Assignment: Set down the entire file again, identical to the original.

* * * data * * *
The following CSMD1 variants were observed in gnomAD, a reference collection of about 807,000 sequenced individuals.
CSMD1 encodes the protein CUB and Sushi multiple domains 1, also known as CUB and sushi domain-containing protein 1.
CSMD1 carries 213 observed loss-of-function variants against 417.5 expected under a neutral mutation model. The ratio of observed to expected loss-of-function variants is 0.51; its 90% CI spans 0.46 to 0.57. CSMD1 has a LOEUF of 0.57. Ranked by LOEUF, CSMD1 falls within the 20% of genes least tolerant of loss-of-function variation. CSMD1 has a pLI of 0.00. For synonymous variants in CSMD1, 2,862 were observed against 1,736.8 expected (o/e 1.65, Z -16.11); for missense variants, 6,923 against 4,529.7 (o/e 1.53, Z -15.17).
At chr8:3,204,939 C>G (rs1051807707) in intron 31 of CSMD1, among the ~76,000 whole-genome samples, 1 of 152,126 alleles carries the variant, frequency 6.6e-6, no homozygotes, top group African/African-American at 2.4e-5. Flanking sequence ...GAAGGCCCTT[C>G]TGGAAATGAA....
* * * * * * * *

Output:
The following CSMD1 variants were observed in gnomAD, a reference collection of about 807,000 sequenced individuals.
CSMD1 encodes the protein CUB and Sushi multiple domains 1, also known as CUB and sushi domain-containing protein 1.
CSMD1 carries 213 observed loss-of-function variants against 417.5 expected under a neutral mutation model. The ratio of observed to expected loss-of-function variants is 0.51; its 90% CI spans 0.46 to 0.57. CSMD1 has a LOEUF of 0.57. Ranked by LOEUF, CSMD1 falls within the 20% of genes least tolerant of loss-of-function variation. CSMD1 has a pLI of 0.00. For synonymous variants in CSMD1, 2,862 were observed against 1,736.8 expected (o/e 1.65, Z -16.11); for missense variants, 6,923 against 4,529.7 (o/e 1.53, Z -15.17).
At chr8:3,204,939 C>G (rs1051807707) in intron 31 of CSMD1, among the ~76,000 whole-genome samples, 1 of 152,126 alleles carries the variant, frequency 6.6e-6, no homozygotes, top group African/African-American at 2.4e-5. Flanking sequence ...GAAGGCCCTT[C>G]TGGAAATGAA....